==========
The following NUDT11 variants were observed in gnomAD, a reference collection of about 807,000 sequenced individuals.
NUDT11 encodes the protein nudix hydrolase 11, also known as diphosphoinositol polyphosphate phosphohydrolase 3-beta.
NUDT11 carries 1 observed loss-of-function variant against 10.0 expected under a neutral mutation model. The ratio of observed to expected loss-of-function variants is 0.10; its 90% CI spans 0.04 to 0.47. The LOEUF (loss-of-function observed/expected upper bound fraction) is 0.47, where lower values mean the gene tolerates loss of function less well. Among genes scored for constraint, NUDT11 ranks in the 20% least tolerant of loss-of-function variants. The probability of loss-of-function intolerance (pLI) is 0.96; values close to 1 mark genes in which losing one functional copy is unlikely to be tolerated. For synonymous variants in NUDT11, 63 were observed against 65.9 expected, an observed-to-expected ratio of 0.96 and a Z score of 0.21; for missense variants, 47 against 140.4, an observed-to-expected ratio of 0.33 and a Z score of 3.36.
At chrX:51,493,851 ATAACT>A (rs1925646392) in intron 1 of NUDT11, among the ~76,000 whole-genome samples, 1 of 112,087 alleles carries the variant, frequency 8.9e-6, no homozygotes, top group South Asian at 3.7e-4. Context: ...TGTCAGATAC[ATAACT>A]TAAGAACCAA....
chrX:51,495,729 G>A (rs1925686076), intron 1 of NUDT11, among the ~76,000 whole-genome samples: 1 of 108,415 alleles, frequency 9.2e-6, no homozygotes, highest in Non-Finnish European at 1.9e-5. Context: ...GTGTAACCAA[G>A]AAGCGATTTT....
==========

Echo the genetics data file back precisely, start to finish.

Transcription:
The following NUDT11 variants were observed in gnomAD, a reference collection of about 807,000 sequenced individuals.
NUDT11 encodes the protein nudix hydrolase 11, also known as diphosphoinositol polyphosphate phosphohydrolase 3-beta.
NUDT11 carries 1 observed loss-of-function variant against 10.0 expected under a neutral mutation model. The ratio of observed to expected loss-of-function variants is 0.10; its 90% CI spans 0.04 to 0.47. The LOEUF (loss-of-function observed/expected upper bound fraction) is 0.47, where lower values mean the gene tolerates loss of function less well. Among genes scored for constraint, NUDT11 ranks in the 20% least tolerant of loss-of-function variants. The probability of loss-of-function intolerance (pLI) is 0.96; values close to 1 mark genes in which losing one functional copy is unlikely to be tolerated. For synonymous variants in NUDT11, 63 were observed against 65.9 expected, an observed-to-expected ratio of 0.96 and a Z score of 0.21; for missense variants, 47 against 140.4, an observed-to-expected ratio of 0.33 and a Z score of 3.36.
At chrX:51,493,851 ATAACT>A (rs1925646392) in intron 1 of NUDT11, among the ~76,000 whole-genome samples, 1 of 112,087 alleles carries the variant, frequency 8.9e-6, no homozygotes, top group South Asian at 3.7e-4. Context: ...TGTCAGATAC[ATAACT>A]TAAGAACCAA....
chrX:51,495,729 G>A (rs1925686076), intron 1 of NUDT11, among the ~76,000 whole-genome samples: 1 of 108,415 alleles, frequency 9.2e-6, no homozygotes, highest in Non-Finnish European at 1.9e-5. Context: ...GTGTAACCAA[G>A]AAGCGATTTT....